Mugshot of Kelly Renee Gissendaner

(Photo credit: Georgia Department of Corrections)


"What you have are attempts here not to mount any kind of revival of the death penalty, but to stop the bleeding," said Franklin Zimring, a criminologist at U.C. Berkeley School of Law.

None of this is surprising to Robert Dunham, executive director of the Death Penalty Information Center in Washington, D.C. When a social or government institution appears imperiled, it is natural for adherents to rally around it.

"The death penalty is eroding everywhere," Dunham said. "One by one, states are eliminating it, and even in states that keep it, prosecutors are seeking it less and juries are returning it less frequently. You can see the public support draining away. So for those with a vested interest in retaining the policy, they feel under siege. And they respond."

The revolt underway in Nebraska is in response to last year's move by the Republican-controlled state Legislature to repeal the death penalty on grounds it was costly, inefficient and wrong (the state hasn't executed anyone since 1997). Republican Gov. Pete Ricketts vetoed it, and the lawmakers overrode him.

Ricketts and his wealthy father then helped finance a campaign to take the issue directly to voters with a Nov. 8 referendum that asks whether the death penalty ban should be reversed.

Related: Ohio to Resume Lethal Injections After Three-Year Pause

"There's a storm going on in Nebraska," Dunham said, part of the broader "political climate change" underway in regard to capital punishment.

The results will test whether America's slow turn against the death penalty can move into the country's deeply conservative areas.

Oklahoma is a different matter. It pursues the death penalty more aggressively than most states, with 112 executions in the last four decades, and another 47 people on death row. But a series of botched lethal injections forced Gov. Mary Fallin to issue a moratorium on executions until the state adopted new procedures.

Death penalty proponents responded by getting a referendum placed on the Nov. 8 ballot that seeks to add capital punishment to the state constitution. That would make it harder to repeal it, and would protect it from court rulings. But critics say the move subverts government checks and balances.

"The referendum in Oklahoma looks very much like a disproportionate response by individuals who feel as though the policy is under siege," Dunham said.

Then there's California, which has the largest number of people on death row (741), in large part because the appeals process is so burdensome. There have been no executions there in a decade, compared with 13 in the previous three decades.

California voters rejected an attempt to abolish the death penalty four years ago. But abolitionists believe they'll have better luck next month. They've gotten a question on the Nov. 8 ballot that asks whether the death penalty should be repealed.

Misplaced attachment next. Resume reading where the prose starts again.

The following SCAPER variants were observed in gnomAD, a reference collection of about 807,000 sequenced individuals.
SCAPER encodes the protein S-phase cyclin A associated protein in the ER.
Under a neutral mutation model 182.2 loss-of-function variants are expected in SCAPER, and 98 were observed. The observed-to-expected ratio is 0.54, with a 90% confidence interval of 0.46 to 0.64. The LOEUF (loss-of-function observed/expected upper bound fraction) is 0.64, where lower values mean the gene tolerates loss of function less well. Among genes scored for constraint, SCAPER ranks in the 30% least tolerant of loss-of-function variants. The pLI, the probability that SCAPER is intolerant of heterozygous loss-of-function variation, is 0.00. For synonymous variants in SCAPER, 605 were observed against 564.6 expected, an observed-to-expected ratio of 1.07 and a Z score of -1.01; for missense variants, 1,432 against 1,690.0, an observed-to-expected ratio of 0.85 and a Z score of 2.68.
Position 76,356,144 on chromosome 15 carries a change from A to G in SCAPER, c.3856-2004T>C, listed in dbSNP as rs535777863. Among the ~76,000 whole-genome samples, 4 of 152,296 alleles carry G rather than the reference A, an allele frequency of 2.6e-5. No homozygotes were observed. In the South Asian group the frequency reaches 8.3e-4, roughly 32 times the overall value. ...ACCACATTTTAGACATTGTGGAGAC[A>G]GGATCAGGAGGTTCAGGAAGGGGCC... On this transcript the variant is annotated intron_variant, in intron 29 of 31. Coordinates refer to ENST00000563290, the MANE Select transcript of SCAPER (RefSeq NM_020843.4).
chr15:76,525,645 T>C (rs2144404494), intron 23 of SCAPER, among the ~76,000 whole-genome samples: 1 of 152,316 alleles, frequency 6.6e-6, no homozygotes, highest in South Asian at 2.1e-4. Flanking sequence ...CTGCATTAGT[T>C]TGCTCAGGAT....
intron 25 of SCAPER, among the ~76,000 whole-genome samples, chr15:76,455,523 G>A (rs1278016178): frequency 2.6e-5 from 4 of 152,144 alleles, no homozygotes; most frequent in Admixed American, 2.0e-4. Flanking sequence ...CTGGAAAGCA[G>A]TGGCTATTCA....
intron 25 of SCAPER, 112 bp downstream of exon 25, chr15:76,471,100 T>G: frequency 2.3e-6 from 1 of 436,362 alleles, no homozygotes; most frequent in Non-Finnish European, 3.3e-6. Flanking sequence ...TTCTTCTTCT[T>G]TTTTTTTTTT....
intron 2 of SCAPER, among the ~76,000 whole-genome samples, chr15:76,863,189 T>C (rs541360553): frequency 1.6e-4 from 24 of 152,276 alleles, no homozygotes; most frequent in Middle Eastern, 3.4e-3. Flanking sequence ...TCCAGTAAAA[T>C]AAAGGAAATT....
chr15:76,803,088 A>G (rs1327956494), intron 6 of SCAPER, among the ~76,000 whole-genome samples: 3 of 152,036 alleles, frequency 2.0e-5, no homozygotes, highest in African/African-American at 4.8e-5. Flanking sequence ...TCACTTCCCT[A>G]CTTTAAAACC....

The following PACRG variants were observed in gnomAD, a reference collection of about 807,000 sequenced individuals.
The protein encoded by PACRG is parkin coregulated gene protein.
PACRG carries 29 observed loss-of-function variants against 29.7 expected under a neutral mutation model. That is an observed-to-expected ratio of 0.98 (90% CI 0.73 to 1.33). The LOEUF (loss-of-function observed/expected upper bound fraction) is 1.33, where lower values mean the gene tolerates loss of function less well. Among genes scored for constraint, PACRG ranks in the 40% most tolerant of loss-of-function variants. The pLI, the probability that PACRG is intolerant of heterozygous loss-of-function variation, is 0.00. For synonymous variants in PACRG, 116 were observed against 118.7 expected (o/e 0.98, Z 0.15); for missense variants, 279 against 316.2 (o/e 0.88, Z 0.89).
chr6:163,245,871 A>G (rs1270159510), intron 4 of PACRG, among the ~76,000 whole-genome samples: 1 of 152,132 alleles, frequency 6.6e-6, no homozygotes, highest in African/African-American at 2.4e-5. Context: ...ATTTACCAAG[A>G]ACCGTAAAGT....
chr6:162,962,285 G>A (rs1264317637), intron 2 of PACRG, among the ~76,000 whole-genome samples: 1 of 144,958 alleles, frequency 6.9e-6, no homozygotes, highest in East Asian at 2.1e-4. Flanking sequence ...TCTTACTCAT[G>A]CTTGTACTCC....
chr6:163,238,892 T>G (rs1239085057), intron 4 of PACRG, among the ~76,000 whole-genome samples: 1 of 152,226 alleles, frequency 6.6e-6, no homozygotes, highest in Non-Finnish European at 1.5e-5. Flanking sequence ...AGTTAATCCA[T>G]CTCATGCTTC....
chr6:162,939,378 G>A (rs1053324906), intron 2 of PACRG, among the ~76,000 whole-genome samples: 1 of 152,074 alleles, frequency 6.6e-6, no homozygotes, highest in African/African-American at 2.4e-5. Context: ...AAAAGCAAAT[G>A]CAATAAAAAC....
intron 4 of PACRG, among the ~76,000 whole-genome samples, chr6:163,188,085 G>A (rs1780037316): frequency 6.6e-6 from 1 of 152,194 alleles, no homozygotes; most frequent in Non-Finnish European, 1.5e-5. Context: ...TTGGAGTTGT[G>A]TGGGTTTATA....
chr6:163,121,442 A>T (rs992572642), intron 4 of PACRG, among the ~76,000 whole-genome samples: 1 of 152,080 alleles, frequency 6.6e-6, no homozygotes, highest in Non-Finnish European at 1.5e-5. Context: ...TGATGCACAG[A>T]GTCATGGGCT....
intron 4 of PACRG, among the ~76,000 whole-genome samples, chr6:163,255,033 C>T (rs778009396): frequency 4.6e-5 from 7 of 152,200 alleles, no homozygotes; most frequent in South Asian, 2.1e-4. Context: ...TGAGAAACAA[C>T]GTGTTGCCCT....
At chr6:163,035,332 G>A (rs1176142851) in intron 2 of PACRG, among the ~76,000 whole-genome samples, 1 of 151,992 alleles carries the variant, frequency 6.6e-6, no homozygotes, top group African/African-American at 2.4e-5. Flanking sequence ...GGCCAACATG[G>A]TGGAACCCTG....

But death penalty supporters, who acknowledge that the system is deeply flawed, back a second ballot question that asks to make the appeal process faster, a change that would speed the rate of executions.

If that measure passes, executions would begin again, and momentum could shift in favor of counter-repeal efforts elsewhere.

But if the repeal question wins, it will mark a huge leap toward ending the death penalty nationwide, said Douglas Berman, a law professor at The Ohio State University who specializes in criminal law and sentencing.

"If they do repeal, to me that will not only speed the path for politicians nationwide feeling comfortable with voicing their own repeal affinities, but will also embolden judges who, although they're not supposed to follow the election cycle, are shaped by a sense of which way the winds blow," Berman said.

Because the ballot questions are separate, both might pass. In that scenario, the one that received the most yes votes would prevail.

Barring a comprehensive ruling from the U.S. Supreme Court, Berman said, the death penalty will probably never disappear in America.

That's because, between the stalwart proponents and abolitionists, a sizable proportion of people understand the death penalty's shortcomings but don't want to preclude using it in the most heinous crimes, Berman said.

He predicted that use of the death penalty will diminish to the point where it's applied in those narrowest of circumstances.

Robert Blecker agrees. He's a professor at New York Law School and author of "The Death of Punishment: Searching for Justice Among the Worst of the Worst." Support for the death penalty, he said, is rooted in a "deeply felt moral intuition" that particularly horrific crimes should be punished with death.

"There are those of us who will stay angry and morally focused and care about justice," he said. "We will not be argued out of it on the basis of cost and inefficiency."